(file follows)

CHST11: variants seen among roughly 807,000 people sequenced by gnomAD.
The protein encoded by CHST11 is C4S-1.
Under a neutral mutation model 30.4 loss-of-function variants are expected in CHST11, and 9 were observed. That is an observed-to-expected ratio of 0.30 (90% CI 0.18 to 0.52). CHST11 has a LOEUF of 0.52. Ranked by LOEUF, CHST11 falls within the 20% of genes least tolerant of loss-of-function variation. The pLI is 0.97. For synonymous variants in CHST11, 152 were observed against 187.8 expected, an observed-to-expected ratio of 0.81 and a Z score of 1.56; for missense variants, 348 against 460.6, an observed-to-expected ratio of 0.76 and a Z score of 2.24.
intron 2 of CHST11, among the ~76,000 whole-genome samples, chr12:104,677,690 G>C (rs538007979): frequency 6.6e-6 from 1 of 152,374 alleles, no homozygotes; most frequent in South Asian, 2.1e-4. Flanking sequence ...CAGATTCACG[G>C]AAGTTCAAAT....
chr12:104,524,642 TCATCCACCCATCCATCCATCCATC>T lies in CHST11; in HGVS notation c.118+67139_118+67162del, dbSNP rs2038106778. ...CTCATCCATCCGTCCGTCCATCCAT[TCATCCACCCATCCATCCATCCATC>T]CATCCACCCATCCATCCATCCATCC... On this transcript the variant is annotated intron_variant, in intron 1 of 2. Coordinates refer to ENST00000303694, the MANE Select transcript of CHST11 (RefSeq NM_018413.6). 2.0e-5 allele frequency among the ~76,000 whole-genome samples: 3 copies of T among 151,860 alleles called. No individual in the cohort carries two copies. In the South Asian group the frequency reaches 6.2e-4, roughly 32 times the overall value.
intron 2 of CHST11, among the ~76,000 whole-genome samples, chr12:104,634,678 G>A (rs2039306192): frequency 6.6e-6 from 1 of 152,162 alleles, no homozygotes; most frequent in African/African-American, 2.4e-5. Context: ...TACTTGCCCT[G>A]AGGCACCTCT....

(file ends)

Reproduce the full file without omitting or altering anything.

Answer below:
CHST11: variants seen among roughly 807,000 people sequenced by gnomAD.
The protein encoded by CHST11 is C4S-1.
Under a neutral mutation model 30.4 loss-of-function variants are expected in CHST11, and 9 were observed. That is an observed-to-expected ratio of 0.30 (90% CI 0.18 to 0.52). CHST11 has a LOEUF of 0.52. Ranked by LOEUF, CHST11 falls within the 20% of genes least tolerant of loss-of-function variation. The pLI is 0.97. For synonymous variants in CHST11, 152 were observed against 187.8 expected, an observed-to-expected ratio of 0.81 and a Z score of 1.56; for missense variants, 348 against 460.6, an observed-to-expected ratio of 0.76 and a Z score of 2.24.
intron 2 of CHST11, among the ~76,000 whole-genome samples, chr12:104,677,690 G>C (rs538007979): frequency 6.6e-6 from 1 of 152,374 alleles, no homozygotes; most frequent in South Asian, 2.1e-4. Flanking sequence ...CAGATTCACG[G>C]AAGTTCAAAT....
chr12:104,524,642 TCATCCACCCATCCATCCATCCATC>T lies in CHST11; in HGVS notation c.118+67139_118+67162del, dbSNP rs2038106778. ...CTCATCCATCCGTCCGTCCATCCAT[TCATCCACCCATCCATCCATCCATC>T]CATCCACCCATCCATCCATCCATCC... On this transcript the variant is annotated intron_variant, in intron 1 of 2. Coordinates refer to ENST00000303694, the MANE Select transcript of CHST11 (RefSeq NM_018413.6). 2.0e-5 allele frequency among the ~76,000 whole-genome samples: 3 copies of T among 151,860 alleles called. No individual in the cohort carries two copies. In the South Asian group the frequency reaches 6.2e-4, roughly 32 times the overall value.
intron 2 of CHST11, among the ~76,000 whole-genome samples, chr12:104,634,678 G>A (rs2039306192): frequency 6.6e-6 from 1 of 152,162 alleles, no homozygotes; most frequent in African/African-American, 2.4e-5. Context: ...TACTTGCCCT[G>A]AGGCACCTCT....